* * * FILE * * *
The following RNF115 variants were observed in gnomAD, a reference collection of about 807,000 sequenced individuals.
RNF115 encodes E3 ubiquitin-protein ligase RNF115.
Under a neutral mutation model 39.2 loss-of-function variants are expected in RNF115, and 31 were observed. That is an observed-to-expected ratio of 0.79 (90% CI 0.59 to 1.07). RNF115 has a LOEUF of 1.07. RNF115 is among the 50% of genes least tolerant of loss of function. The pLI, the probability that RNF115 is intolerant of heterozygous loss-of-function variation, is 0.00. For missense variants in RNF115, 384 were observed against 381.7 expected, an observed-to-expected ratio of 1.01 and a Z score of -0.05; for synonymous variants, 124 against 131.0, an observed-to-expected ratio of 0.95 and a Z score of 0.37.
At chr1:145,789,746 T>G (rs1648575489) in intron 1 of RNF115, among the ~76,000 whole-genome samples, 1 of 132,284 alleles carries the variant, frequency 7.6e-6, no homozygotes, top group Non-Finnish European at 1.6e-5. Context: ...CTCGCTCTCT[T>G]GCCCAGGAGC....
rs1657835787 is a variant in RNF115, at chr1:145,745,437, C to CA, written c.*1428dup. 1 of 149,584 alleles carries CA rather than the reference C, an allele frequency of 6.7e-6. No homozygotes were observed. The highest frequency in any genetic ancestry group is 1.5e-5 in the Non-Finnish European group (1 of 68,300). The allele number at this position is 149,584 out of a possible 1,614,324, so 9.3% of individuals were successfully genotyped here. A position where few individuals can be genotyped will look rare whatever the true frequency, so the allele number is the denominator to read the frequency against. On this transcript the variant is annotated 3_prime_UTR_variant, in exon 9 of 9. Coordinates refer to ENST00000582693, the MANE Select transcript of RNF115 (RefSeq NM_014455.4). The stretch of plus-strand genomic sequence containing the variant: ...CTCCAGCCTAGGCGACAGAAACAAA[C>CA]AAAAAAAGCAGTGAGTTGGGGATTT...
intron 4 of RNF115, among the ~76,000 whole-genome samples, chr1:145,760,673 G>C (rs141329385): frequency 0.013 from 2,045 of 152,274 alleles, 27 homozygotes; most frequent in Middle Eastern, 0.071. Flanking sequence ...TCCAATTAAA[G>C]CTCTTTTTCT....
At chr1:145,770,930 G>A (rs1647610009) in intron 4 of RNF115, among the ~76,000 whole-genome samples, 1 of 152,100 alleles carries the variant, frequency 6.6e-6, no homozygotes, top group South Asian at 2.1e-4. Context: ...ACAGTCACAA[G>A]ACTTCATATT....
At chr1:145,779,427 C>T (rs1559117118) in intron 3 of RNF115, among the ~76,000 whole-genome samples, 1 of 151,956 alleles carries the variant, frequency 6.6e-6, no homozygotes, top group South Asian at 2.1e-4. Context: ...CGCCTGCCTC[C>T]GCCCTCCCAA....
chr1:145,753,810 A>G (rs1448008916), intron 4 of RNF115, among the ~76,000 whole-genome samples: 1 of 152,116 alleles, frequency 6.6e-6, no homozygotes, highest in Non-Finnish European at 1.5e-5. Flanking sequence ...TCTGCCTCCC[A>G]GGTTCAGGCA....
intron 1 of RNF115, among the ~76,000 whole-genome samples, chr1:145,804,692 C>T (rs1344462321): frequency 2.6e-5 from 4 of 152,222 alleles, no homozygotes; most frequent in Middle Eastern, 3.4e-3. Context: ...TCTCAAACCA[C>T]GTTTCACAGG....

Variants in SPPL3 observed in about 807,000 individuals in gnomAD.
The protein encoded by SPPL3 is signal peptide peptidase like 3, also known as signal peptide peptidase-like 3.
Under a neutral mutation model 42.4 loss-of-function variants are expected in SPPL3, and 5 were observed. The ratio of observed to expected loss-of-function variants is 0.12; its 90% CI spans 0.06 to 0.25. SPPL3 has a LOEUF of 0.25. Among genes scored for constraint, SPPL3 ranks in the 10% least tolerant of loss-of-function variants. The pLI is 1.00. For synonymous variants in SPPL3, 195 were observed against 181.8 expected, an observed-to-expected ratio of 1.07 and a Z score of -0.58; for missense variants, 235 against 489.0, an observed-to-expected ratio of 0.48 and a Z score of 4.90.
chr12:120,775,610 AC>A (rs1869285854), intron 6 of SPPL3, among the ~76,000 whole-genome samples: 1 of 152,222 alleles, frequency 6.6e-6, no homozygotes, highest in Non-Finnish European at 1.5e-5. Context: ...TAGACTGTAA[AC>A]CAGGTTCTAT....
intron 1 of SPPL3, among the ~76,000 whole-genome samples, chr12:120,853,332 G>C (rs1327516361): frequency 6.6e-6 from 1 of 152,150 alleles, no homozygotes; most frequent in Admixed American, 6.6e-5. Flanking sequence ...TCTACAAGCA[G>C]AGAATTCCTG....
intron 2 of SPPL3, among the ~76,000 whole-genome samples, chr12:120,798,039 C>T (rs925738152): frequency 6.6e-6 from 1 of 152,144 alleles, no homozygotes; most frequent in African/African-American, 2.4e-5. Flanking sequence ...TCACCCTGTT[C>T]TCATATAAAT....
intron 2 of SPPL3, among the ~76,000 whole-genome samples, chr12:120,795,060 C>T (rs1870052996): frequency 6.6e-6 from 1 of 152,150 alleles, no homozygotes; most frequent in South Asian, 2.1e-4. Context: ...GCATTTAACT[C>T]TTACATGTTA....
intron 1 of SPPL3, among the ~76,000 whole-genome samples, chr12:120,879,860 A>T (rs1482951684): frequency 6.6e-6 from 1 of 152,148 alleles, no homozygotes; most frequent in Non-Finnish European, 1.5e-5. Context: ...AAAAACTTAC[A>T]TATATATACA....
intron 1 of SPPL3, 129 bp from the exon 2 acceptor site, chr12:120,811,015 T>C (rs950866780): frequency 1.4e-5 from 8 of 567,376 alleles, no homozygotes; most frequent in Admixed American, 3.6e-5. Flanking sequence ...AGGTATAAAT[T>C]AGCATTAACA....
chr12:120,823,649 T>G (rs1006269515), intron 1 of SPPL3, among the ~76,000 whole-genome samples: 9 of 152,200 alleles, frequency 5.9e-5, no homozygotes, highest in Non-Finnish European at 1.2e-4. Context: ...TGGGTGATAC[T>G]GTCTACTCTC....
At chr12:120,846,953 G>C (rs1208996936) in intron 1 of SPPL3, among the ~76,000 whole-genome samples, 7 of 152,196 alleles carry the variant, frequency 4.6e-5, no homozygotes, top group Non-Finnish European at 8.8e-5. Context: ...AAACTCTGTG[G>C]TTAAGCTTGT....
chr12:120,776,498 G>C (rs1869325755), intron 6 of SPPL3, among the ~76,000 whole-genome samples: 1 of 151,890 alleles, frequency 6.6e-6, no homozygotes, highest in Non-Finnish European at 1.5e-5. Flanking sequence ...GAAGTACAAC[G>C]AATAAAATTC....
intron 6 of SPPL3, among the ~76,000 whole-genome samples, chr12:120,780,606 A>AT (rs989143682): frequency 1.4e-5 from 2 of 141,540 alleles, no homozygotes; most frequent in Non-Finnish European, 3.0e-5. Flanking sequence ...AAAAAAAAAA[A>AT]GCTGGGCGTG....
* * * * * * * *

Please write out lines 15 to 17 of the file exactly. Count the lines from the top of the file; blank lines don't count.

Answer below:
intron 1 of SPPL3, among the ~76,000 whole-genome samples, chr12:120,853,332 G>C (rs1327516361): frequency 6.6e-6 from 1 of 152,150 alleles, no homozygotes; most frequent in Admixed American, 6.6e-5. Flanking sequence ...TCTACAAGCA[G>C]AGAATTCCTG....
intron 2 of SPPL3, among the ~76,000 whole-genome samples, chr12:120,798,039 C>T (rs925738152): frequency 6.6e-6 from 1 of 152,144 alleles, no homozygotes; most frequent in African/African-American, 2.4e-5. Flanking sequence ...TCACCCTGTT[C>T]TCATATAAAT....
intron 2 of SPPL3, among the ~76,000 whole-genome samples, chr12:120,795,060 C>T (rs1870052996): frequency 6.6e-6 from 1 of 152,150 alleles, no homozygotes; most frequent in South Asian, 2.1e-4. Context: ...GCATTTAACT[C>T]TTACATGTTA....